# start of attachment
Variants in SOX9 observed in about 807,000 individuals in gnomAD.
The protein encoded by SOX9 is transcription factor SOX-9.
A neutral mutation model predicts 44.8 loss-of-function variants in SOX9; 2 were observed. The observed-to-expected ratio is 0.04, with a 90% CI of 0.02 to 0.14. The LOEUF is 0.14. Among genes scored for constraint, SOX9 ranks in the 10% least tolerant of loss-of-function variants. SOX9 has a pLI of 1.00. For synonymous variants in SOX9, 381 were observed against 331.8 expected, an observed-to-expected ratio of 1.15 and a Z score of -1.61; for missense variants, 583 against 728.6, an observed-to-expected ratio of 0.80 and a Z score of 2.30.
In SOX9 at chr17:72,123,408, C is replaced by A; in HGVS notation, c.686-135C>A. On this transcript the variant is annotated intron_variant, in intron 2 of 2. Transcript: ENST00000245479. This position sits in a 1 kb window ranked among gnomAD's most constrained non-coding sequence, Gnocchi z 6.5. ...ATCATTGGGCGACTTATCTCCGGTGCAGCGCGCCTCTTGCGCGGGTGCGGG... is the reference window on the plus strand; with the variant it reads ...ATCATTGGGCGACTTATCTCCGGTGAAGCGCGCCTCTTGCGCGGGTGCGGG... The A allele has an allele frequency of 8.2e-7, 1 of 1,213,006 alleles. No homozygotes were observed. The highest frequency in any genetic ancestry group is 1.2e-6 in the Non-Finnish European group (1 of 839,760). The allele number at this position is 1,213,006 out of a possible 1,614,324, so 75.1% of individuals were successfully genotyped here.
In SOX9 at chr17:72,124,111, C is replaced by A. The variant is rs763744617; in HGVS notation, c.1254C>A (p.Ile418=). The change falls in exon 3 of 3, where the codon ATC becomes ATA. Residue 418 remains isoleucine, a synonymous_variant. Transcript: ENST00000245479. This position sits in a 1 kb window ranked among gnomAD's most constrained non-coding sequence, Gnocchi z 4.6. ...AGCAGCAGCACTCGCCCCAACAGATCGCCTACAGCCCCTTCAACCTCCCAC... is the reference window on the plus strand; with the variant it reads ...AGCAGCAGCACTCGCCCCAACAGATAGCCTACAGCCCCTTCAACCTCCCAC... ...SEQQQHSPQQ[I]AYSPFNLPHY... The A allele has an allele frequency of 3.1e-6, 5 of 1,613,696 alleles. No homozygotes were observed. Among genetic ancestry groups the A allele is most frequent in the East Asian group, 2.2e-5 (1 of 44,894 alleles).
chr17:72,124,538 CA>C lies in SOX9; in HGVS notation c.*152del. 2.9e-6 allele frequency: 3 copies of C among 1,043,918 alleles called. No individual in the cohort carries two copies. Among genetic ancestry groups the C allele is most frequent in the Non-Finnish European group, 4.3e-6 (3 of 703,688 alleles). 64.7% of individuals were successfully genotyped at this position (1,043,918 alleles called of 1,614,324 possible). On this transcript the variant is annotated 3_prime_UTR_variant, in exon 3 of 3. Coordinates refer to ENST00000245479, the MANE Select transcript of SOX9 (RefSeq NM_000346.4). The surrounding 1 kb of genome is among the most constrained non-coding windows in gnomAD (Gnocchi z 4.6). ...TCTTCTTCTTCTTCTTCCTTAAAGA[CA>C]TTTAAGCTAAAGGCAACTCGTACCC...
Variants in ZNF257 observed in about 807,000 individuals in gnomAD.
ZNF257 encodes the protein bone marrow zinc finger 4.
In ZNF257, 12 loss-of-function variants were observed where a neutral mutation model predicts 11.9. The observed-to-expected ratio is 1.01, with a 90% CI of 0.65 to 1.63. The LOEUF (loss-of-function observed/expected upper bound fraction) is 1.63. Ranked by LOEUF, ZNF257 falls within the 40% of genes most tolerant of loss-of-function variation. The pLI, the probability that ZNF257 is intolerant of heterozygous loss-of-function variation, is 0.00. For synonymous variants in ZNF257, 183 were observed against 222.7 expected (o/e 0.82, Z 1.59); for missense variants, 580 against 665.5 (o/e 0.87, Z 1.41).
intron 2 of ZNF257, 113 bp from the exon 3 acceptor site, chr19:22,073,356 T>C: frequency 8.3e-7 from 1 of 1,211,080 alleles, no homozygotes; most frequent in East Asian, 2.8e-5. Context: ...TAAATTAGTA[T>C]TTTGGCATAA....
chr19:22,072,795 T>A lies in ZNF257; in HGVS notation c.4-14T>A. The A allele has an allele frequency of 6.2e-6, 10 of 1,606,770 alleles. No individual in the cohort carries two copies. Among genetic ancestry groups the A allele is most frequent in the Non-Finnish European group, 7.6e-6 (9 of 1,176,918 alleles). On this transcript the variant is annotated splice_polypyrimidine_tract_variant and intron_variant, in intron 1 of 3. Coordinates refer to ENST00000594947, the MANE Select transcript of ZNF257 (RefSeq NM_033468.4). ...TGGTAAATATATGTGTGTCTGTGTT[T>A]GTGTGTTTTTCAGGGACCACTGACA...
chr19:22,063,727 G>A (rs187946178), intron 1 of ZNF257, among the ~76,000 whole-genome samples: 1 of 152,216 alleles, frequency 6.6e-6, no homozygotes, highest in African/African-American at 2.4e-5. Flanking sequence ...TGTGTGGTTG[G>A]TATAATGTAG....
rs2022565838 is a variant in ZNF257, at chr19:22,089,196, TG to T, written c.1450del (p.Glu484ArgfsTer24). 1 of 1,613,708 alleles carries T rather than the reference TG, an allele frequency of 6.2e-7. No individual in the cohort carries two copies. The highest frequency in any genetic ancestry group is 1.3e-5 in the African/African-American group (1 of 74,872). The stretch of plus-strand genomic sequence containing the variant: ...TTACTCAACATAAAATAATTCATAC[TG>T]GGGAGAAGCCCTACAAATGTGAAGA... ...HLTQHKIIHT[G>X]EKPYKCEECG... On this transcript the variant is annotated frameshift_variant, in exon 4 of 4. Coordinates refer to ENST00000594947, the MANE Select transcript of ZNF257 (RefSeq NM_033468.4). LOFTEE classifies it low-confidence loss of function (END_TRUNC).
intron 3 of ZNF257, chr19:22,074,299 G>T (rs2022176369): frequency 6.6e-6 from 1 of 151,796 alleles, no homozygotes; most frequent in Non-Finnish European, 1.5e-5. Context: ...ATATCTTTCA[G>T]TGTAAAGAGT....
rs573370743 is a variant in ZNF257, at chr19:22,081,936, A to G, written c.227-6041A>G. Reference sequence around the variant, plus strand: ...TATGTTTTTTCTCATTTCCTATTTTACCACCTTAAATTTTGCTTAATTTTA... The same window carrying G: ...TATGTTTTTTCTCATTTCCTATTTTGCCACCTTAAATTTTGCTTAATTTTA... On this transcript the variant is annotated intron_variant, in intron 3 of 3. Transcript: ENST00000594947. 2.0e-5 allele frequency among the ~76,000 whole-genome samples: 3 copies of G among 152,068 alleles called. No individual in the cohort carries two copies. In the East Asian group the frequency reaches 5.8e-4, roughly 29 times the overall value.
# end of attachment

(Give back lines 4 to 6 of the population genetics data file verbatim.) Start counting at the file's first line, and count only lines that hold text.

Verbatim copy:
In SOX9 at chr17:72,123,408, C is replaced by A; in HGVS notation, c.686-135C>A. On this transcript the variant is annotated intron_variant, in intron 2 of 2. Transcript: ENST00000245479. This position sits in a 1 kb window ranked among gnomAD's most constrained non-coding sequence, Gnocchi z 6.5. ...ATCATTGGGCGACTTATCTCCGGTGCAGCGCGCCTCTTGCGCGGGTGCGGG... is the reference window on the plus strand; with the variant it reads ...ATCATTGGGCGACTTATCTCCGGTGAAGCGCGCCTCTTGCGCGGGTGCGGG... The A allele has an allele frequency of 8.2e-7, 1 of 1,213,006 alleles. No homozygotes were observed. The highest frequency in any genetic ancestry group is 1.2e-6 in the Non-Finnish European group (1 of 839,760). The allele number at this position is 1,213,006 out of a possible 1,614,324, so 75.1% of individuals were successfully genotyped here.
In SOX9 at chr17:72,124,111, C is replaced by A. The variant is rs763744617; in HGVS notation, c.1254C>A (p.Ile418=). The change falls in exon 3 of 3, where the codon ATC becomes ATA. Residue 418 remains isoleucine, a synonymous_variant. Transcript: ENST00000245479. This position sits in a 1 kb window ranked among gnomAD's most constrained non-coding sequence, Gnocchi z 4.6. ...AGCAGCAGCACTCGCCCCAACAGATCGCCTACAGCCCCTTCAACCTCCCAC... is the reference window on the plus strand; with the variant it reads ...AGCAGCAGCACTCGCCCCAACAGATAGCCTACAGCCCCTTCAACCTCCCAC... ...SEQQQHSPQQ[I]AYSPFNLPHY... The A allele has an allele frequency of 3.1e-6, 5 of 1,613,696 alleles. No homozygotes were observed. Among genetic ancestry groups the A allele is most frequent in the East Asian group, 2.2e-5 (1 of 44,894 alleles).
chr17:72,124,538 CA>C lies in SOX9; in HGVS notation c.*152del. 2.9e-6 allele frequency: 3 copies of C among 1,043,918 alleles called. No individual in the cohort carries two copies. Among genetic ancestry groups the C allele is most frequent in the Non-Finnish European group, 4.3e-6 (3 of 703,688 alleles). 64.7% of individuals were successfully genotyped at this position (1,043,918 alleles called of 1,614,324 possible). On this transcript the variant is annotated 3_prime_UTR_variant, in exon 3 of 3. Coordinates refer to ENST00000245479, the MANE Select transcript of SOX9 (RefSeq NM_000346.4). The surrounding 1 kb of genome is among the most constrained non-coding windows in gnomAD (Gnocchi z 4.6). ...TCTTCTTCTTCTTCTTCCTTAAAGA[CA>C]TTTAAGCTAAAGGCAACTCGTACCC...